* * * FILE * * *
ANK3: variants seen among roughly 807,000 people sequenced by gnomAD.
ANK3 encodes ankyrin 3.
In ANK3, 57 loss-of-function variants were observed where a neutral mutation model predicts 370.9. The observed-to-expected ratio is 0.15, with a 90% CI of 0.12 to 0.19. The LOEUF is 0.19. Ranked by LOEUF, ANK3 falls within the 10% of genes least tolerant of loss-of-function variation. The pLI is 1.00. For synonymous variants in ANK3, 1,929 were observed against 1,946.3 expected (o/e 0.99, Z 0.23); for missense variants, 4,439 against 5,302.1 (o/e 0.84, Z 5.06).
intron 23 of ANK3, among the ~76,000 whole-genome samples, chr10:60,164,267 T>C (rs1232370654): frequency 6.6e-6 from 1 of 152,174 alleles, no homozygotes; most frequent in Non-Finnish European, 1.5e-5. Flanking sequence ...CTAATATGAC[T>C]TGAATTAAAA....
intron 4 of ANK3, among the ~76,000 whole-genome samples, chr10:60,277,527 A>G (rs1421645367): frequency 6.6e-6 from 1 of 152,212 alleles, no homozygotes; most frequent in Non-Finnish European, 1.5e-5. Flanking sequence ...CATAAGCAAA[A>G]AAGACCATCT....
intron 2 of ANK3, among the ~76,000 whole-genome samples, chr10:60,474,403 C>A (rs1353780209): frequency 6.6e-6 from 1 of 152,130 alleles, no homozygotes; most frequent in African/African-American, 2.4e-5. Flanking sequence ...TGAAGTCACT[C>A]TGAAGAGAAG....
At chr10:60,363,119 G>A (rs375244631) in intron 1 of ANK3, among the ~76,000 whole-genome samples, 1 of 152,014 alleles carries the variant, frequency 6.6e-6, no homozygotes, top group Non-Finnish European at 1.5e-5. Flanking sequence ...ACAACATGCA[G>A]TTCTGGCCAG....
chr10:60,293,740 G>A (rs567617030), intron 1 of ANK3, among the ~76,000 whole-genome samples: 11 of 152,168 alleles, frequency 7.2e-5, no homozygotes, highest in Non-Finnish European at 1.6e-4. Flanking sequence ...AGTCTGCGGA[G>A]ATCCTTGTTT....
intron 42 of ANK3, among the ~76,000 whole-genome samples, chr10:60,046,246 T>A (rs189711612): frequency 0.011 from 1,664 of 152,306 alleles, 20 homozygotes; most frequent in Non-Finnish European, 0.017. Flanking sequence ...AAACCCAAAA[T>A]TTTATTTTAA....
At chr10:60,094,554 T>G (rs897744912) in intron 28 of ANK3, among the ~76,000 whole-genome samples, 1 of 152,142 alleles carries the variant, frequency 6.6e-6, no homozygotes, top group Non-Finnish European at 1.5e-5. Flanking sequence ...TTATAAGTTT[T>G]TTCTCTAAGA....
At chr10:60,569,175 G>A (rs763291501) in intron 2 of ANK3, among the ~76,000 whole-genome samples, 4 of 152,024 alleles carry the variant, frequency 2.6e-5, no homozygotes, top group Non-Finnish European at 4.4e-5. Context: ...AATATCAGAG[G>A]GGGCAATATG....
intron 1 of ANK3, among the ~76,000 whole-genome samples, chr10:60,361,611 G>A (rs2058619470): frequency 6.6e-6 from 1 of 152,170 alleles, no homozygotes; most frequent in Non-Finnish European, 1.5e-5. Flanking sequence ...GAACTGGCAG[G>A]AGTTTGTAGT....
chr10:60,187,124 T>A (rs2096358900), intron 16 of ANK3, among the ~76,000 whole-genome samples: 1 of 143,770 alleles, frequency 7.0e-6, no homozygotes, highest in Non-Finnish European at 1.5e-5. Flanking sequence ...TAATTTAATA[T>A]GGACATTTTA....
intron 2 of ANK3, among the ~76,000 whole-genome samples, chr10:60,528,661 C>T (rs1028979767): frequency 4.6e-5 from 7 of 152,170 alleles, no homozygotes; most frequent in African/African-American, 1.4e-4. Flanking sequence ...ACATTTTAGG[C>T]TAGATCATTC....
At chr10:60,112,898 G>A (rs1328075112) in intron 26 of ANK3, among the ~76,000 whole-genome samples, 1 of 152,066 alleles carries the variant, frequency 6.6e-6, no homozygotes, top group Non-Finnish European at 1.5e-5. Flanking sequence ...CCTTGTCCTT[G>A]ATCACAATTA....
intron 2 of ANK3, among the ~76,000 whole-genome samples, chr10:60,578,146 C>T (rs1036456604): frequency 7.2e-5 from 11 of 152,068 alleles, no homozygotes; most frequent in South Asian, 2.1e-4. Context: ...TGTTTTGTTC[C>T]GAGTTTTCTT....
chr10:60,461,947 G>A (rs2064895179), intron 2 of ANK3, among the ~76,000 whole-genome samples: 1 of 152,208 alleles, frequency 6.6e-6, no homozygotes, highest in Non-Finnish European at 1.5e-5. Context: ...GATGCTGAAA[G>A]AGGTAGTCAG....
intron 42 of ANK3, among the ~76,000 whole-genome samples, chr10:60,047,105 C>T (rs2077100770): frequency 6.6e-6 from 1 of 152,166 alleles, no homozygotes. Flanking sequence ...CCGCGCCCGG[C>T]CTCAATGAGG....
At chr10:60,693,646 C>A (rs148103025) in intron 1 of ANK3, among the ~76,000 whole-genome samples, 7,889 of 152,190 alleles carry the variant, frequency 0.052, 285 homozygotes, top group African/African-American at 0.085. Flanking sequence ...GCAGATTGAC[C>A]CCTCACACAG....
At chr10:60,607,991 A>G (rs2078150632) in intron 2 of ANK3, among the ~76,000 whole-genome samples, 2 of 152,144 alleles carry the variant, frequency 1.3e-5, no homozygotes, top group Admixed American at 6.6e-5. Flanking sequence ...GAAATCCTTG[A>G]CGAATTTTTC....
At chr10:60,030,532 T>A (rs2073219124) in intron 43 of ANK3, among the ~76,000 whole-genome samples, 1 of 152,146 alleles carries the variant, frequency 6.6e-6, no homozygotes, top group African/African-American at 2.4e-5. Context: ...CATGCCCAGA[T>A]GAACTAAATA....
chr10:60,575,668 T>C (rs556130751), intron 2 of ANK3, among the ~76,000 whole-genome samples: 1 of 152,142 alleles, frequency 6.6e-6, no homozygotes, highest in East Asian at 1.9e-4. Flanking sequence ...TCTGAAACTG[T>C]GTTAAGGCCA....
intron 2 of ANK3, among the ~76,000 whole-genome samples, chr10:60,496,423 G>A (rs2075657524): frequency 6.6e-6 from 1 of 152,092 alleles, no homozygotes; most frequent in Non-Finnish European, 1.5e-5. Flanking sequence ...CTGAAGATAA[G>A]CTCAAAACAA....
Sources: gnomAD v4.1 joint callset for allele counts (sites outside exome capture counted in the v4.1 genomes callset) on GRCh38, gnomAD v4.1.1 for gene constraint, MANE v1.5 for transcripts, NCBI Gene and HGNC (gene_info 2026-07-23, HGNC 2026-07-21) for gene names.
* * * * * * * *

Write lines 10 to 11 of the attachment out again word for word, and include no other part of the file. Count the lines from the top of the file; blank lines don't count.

At chr10:60,094,554 T>G (rs897744912) in intron 28 of ANK3, among the ~76,000 whole-genome samples, 1 of 152,142 alleles carries the variant, frequency 6.6e-6, no homozygotes, top group Non-Finnish European at 1.5e-5. Flanking sequence ...TTATAAGTTT[T>G]TTCTCTAAGA....
At chr10:60,569,175 G>A (rs763291501) in intron 2 of ANK3, among the ~76,000 whole-genome samples, 4 of 152,024 alleles carry the variant, frequency 2.6e-5, no homozygotes, top group Non-Finnish European at 4.4e-5. Context: ...AATATCAGAG[G>A]GGGCAATATG....